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Boston relief efforts influenced by Israeli emergency expertise

( A doctor who dealt with the aftermath of Monday’s Boston Marathon bombings credited Israeli expertise with his team’s ability to respond to a terrorist attack that killed three people and injured more than 100.

“About two years ago in actual fact we asked the Israelis to come across and they helped us set up our disaster team so that we could respond in this kind of manner,” said Dr. Alasdair Conn, chief of Emergency Services at Massachusetts General Hospital, the Algemeiner reported.

Conn, asked if he would characterize the Boston Marathon blasts as “almost something you would see in a military setting,” said the attack reminded him of something that would happen in Israel, whose citizens have been long accustomed to terrorist suicide bombings.

“Oh, absolutely, absolutely. This is like a bomb explosion that we hear about in the news in Baghdad or Israel or some other tragic place in the world,” Conn said.

The Anti-Defamation League (ADL), reacting to the bombings, said it had already warned Jewish groups to be on alert this week due to the anniversary of the Oklahoma City bombing and Adolph Hitler’s birthday.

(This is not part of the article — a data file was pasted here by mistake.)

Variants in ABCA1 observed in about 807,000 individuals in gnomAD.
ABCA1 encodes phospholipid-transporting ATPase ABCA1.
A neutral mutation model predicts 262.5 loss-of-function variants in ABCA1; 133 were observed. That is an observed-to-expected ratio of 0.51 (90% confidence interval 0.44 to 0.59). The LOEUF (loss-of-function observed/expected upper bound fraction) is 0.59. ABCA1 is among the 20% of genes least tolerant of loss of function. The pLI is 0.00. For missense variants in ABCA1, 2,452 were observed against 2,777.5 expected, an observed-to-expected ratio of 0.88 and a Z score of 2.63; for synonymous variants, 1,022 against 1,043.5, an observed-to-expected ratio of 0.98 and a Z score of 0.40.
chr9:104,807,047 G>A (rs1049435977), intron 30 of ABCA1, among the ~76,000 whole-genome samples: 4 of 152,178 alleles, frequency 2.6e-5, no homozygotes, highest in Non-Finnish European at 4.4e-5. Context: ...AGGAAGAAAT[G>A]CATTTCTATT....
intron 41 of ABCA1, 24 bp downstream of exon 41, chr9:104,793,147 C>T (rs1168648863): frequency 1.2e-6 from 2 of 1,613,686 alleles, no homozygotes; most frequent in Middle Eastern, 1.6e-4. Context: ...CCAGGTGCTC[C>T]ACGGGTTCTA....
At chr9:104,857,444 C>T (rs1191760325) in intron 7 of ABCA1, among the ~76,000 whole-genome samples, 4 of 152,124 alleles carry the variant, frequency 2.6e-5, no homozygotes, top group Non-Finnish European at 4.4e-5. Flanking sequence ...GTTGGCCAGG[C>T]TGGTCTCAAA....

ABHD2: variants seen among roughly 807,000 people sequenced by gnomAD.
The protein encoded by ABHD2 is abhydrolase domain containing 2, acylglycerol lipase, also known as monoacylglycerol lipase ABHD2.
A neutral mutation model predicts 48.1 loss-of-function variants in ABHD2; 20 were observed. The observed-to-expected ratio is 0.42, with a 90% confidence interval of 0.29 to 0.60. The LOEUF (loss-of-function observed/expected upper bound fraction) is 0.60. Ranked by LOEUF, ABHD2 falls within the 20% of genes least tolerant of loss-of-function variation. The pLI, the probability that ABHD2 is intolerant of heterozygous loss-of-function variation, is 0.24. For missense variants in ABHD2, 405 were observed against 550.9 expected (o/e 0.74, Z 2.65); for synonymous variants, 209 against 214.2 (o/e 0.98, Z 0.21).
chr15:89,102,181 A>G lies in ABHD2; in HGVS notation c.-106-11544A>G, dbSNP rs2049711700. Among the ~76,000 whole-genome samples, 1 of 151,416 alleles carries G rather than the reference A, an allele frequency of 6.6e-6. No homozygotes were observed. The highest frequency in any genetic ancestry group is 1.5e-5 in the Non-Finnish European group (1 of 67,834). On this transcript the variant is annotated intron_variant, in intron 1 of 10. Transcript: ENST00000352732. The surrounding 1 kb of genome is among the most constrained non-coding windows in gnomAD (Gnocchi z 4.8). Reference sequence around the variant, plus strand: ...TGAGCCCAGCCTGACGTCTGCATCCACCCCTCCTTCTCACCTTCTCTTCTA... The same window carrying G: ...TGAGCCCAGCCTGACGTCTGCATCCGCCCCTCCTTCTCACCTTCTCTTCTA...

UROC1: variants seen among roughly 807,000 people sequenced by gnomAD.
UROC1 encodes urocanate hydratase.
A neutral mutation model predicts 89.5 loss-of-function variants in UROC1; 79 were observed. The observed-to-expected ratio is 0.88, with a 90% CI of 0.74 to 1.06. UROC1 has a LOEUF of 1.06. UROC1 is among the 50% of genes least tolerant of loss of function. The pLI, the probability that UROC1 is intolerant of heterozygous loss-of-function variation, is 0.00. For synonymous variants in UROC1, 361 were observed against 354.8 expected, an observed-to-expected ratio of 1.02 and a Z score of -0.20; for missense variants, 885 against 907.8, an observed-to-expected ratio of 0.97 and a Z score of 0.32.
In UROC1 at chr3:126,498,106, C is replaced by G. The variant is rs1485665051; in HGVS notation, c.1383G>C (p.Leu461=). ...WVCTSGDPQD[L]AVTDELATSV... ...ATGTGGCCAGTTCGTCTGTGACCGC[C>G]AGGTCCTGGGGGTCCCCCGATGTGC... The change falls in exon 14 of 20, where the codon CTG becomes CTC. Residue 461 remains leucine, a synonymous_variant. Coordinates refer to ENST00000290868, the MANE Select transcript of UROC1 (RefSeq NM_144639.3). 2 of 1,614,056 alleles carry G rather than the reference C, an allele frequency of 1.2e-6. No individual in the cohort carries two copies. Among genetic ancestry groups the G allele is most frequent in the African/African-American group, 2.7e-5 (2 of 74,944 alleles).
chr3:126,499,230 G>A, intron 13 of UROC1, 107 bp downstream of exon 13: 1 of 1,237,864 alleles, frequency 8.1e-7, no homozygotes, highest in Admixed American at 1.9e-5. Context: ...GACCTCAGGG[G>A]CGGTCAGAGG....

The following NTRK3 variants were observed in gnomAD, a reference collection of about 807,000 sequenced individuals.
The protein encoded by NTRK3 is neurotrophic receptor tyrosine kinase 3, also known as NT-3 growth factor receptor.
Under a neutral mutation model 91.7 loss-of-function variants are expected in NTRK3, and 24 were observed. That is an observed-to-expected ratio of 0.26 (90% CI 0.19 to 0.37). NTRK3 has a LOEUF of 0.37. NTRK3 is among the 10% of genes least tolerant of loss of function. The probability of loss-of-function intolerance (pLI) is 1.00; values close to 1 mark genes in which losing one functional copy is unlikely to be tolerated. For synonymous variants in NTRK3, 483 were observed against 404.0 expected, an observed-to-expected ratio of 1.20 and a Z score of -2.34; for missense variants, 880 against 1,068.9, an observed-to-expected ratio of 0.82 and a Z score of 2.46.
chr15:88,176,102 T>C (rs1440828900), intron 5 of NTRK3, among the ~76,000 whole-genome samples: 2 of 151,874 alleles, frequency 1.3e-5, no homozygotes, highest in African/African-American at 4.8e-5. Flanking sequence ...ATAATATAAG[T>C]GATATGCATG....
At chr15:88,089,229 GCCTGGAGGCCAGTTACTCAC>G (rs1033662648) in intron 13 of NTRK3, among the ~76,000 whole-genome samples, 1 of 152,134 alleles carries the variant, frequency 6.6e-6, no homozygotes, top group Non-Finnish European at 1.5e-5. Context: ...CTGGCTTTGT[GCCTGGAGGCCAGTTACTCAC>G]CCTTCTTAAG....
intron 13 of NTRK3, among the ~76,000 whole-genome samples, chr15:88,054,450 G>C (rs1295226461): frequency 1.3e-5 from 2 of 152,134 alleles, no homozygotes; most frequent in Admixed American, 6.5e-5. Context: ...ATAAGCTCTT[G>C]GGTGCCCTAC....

At press time, federal authorities had classified the Boston Marathon bombings as a terrorist attack.

“It is sad that anytime a bomb explodes in public place we are conditioned as a first reflex to think of it as a terrorist attack; but unfortunately, in this instance it appears that our fears have been realized,” ADL National Director Abraham Foxman said in a statement.

“This apparent terrorist attack comes during a week when we are already on heightened alert because of the history of extremist-related events that have taken place during the week of April 20th, including the (April 19, 1995) Oklahoma City bombing and the federal raid of the Branch Davidian Compound in Waco, Texas,” he added.

Due to Hitler’s birthday of April 20, ADL had “issued a security alert to Jewish community institutions reminding them to be on high alert during this time of year,” Foxman explained.

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